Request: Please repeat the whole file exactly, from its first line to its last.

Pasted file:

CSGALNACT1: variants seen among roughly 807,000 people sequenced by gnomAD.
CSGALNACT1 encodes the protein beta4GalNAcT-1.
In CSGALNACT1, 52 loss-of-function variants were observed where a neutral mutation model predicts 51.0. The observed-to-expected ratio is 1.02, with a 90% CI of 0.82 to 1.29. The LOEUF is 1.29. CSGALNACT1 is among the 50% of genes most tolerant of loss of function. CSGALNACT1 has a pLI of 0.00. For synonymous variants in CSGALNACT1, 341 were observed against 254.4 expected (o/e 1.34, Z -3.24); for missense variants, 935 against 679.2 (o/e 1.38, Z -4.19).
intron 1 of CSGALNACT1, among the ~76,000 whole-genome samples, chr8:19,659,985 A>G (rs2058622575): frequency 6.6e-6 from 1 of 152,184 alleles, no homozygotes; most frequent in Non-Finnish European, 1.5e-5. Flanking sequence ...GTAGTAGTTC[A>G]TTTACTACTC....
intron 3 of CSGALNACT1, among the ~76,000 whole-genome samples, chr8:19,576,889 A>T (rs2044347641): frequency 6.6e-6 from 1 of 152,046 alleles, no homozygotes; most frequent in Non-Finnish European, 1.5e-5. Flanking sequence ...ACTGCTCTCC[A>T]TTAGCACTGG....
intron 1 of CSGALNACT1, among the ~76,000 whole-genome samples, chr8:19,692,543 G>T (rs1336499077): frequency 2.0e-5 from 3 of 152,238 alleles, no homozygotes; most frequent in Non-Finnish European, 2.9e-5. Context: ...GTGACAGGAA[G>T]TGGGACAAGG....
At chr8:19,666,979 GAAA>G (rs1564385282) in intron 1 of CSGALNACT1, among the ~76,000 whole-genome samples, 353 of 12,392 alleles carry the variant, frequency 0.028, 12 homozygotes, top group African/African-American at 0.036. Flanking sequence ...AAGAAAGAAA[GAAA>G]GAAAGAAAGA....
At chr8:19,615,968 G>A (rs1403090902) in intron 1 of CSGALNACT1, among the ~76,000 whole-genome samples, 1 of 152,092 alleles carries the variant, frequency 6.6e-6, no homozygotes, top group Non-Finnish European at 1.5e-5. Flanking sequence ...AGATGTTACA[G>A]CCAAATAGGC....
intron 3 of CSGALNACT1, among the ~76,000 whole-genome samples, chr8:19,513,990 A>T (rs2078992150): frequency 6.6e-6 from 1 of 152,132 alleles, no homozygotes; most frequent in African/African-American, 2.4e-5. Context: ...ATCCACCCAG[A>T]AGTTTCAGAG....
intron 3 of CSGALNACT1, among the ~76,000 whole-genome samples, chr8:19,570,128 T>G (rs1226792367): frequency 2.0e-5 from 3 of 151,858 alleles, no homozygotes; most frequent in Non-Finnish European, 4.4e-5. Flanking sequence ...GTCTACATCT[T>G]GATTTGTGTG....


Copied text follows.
CSGALNACT1: variants seen among roughly 807,000 people sequenced by gnomAD.
CSGALNACT1 encodes the protein beta4GalNAcT-1.
In CSGALNACT1, 52 loss-of-function variants were observed where a neutral mutation model predicts 51.0. The observed-to-expected ratio is 1.02, with a 90% CI of 0.82 to 1.29. The LOEUF is 1.29. CSGALNACT1 is among the 50% of genes most tolerant of loss of function. CSGALNACT1 has a pLI of 0.00. For synonymous variants in CSGALNACT1, 341 were observed against 254.4 expected (o/e 1.34, Z -3.24); for missense variants, 935 against 679.2 (o/e 1.38, Z -4.19).
intron 1 of CSGALNACT1, among the ~76,000 whole-genome samples, chr8:19,659,985 A>G (rs2058622575): frequency 6.6e-6 from 1 of 152,184 alleles, no homozygotes; most frequent in Non-Finnish European, 1.5e-5. Flanking sequence ...GTAGTAGTTC[A>G]TTTACTACTC....
intron 3 of CSGALNACT1, among the ~76,000 whole-genome samples, chr8:19,576,889 A>T (rs2044347641): frequency 6.6e-6 from 1 of 152,046 alleles, no homozygotes; most frequent in Non-Finnish European, 1.5e-5. Flanking sequence ...ACTGCTCTCC[A>T]TTAGCACTGG....
intron 1 of CSGALNACT1, among the ~76,000 whole-genome samples, chr8:19,692,543 G>T (rs1336499077): frequency 2.0e-5 from 3 of 152,238 alleles, no homozygotes; most frequent in Non-Finnish European, 2.9e-5. Context: ...GTGACAGGAA[G>T]TGGGACAAGG....
At chr8:19,666,979 GAAA>G (rs1564385282) in intron 1 of CSGALNACT1, among the ~76,000 whole-genome samples, 353 of 12,392 alleles carry the variant, frequency 0.028, 12 homozygotes, top group African/African-American at 0.036. Flanking sequence ...AAGAAAGAAA[GAAA>G]GAAAGAAAGA....
At chr8:19,615,968 G>A (rs1403090902) in intron 1 of CSGALNACT1, among the ~76,000 whole-genome samples, 1 of 152,092 alleles carries the variant, frequency 6.6e-6, no homozygotes, top group Non-Finnish European at 1.5e-5. Flanking sequence ...AGATGTTACA[G>A]CCAAATAGGC....
intron 3 of CSGALNACT1, among the ~76,000 whole-genome samples, chr8:19,513,990 A>T (rs2078992150): frequency 6.6e-6 from 1 of 152,132 alleles, no homozygotes; most frequent in African/African-American, 2.4e-5. Context: ...ATCCACCCAG[A>T]AGTTTCAGAG....
intron 3 of CSGALNACT1, among the ~76,000 whole-genome samples, chr8:19,570,128 T>G (rs1226792367): frequency 2.0e-5 from 3 of 151,858 alleles, no homozygotes; most frequent in Non-Finnish European, 4.4e-5. Flanking sequence ...GTCTACATCT[T>G]GATTTGTGTG....